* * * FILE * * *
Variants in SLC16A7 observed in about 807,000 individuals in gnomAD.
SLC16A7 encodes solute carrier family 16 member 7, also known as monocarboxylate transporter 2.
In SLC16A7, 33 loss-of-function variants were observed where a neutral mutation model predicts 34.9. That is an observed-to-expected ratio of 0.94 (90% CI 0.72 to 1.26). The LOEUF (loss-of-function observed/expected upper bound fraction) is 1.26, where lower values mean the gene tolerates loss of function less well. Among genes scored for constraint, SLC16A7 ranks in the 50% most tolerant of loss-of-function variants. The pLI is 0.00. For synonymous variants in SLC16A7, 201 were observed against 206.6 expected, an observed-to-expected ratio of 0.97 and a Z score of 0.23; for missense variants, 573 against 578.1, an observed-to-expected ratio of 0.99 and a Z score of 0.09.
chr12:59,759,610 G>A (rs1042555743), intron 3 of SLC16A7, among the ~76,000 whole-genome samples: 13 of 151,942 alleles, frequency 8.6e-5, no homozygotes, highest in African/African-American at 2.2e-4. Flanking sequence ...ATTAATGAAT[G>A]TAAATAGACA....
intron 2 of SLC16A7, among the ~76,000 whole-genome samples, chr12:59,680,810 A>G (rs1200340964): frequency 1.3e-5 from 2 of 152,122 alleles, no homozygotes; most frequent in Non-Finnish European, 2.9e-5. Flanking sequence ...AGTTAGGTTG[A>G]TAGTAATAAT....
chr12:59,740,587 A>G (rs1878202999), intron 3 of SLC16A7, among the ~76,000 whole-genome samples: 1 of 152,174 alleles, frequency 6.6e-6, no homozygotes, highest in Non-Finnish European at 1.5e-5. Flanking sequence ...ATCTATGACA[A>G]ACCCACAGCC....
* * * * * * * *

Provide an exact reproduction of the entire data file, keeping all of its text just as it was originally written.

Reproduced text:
Variants in SLC16A7 observed in about 807,000 individuals in gnomAD.
SLC16A7 encodes solute carrier family 16 member 7, also known as monocarboxylate transporter 2.
In SLC16A7, 33 loss-of-function variants were observed where a neutral mutation model predicts 34.9. That is an observed-to-expected ratio of 0.94 (90% CI 0.72 to 1.26). The LOEUF (loss-of-function observed/expected upper bound fraction) is 1.26, where lower values mean the gene tolerates loss of function less well. Among genes scored for constraint, SLC16A7 ranks in the 50% most tolerant of loss-of-function variants. The pLI is 0.00. For synonymous variants in SLC16A7, 201 were observed against 206.6 expected, an observed-to-expected ratio of 0.97 and a Z score of 0.23; for missense variants, 573 against 578.1, an observed-to-expected ratio of 0.99 and a Z score of 0.09.
chr12:59,759,610 G>A (rs1042555743), intron 3 of SLC16A7, among the ~76,000 whole-genome samples: 13 of 151,942 alleles, frequency 8.6e-5, no homozygotes, highest in African/African-American at 2.2e-4. Flanking sequence ...ATTAATGAAT[G>A]TAAATAGACA....
intron 2 of SLC16A7, among the ~76,000 whole-genome samples, chr12:59,680,810 A>G (rs1200340964): frequency 1.3e-5 from 2 of 152,122 alleles, no homozygotes; most frequent in Non-Finnish European, 2.9e-5. Flanking sequence ...AGTTAGGTTG[A>G]TAGTAATAAT....
chr12:59,740,587 A>G (rs1878202999), intron 3 of SLC16A7, among the ~76,000 whole-genome samples: 1 of 152,174 alleles, frequency 6.6e-6, no homozygotes, highest in Non-Finnish European at 1.5e-5. Flanking sequence ...ATCTATGACA[A>G]ACCCACAGCC....